Immortal Life of Henrietta Lacks

Henrietta Lacks gets an honorary degree from MSU

A poor African American woman from Turners Station whose cells were taken without her consent by Johns Hopkins Hospital doctors and used in ground-breaking research, Henrietta Lacks was recognized posthumously by Morgan State University Saturday.

Lacks died of cervical cancer in 1951, but her cells became important tools in  medicine – used to develop the polio vaccine, cloning, in vitro fertilization, gene mapping and more.

“She has attained a level and kind of immortality unreached by any other person in human history,” Burney J. Hollis, former dean at Morgan, said, as Lacks was awarded  a doctorate of public service at Saturday’s commencement ceremonies. (In this National Public Radio piece that aired today, you can hear more of Hollis’ comments and emotional remarks by Lacks’ son, David “Sonny” Lacks Jr.,  who accepted the honor on his mother’s behalf.)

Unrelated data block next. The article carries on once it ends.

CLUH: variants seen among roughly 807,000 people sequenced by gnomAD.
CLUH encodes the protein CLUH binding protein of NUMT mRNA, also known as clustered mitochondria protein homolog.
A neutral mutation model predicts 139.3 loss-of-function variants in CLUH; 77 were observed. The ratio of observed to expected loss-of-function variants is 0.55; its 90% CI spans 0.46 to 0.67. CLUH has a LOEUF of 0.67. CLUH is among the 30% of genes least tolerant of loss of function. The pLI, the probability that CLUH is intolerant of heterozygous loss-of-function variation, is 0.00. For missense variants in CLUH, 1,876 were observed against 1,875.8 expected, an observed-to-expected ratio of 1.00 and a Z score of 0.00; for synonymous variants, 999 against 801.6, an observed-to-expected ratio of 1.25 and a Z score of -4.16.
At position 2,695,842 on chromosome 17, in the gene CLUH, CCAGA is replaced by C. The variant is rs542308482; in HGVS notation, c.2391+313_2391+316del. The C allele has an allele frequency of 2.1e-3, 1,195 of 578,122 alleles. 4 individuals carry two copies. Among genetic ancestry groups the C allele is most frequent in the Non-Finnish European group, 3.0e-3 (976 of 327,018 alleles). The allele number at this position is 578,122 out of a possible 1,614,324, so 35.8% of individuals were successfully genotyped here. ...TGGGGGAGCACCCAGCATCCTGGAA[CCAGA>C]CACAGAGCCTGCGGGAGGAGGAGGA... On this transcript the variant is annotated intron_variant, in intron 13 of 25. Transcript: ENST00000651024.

Lacks’ story was the subject of an award-winning book by Rebecca Skloot, “The Immortal Life of Henrietta Lacks.” According to Huffington Post, the book is soon to be made into an HBO movie by Oprah Winfrey and Alan Ball.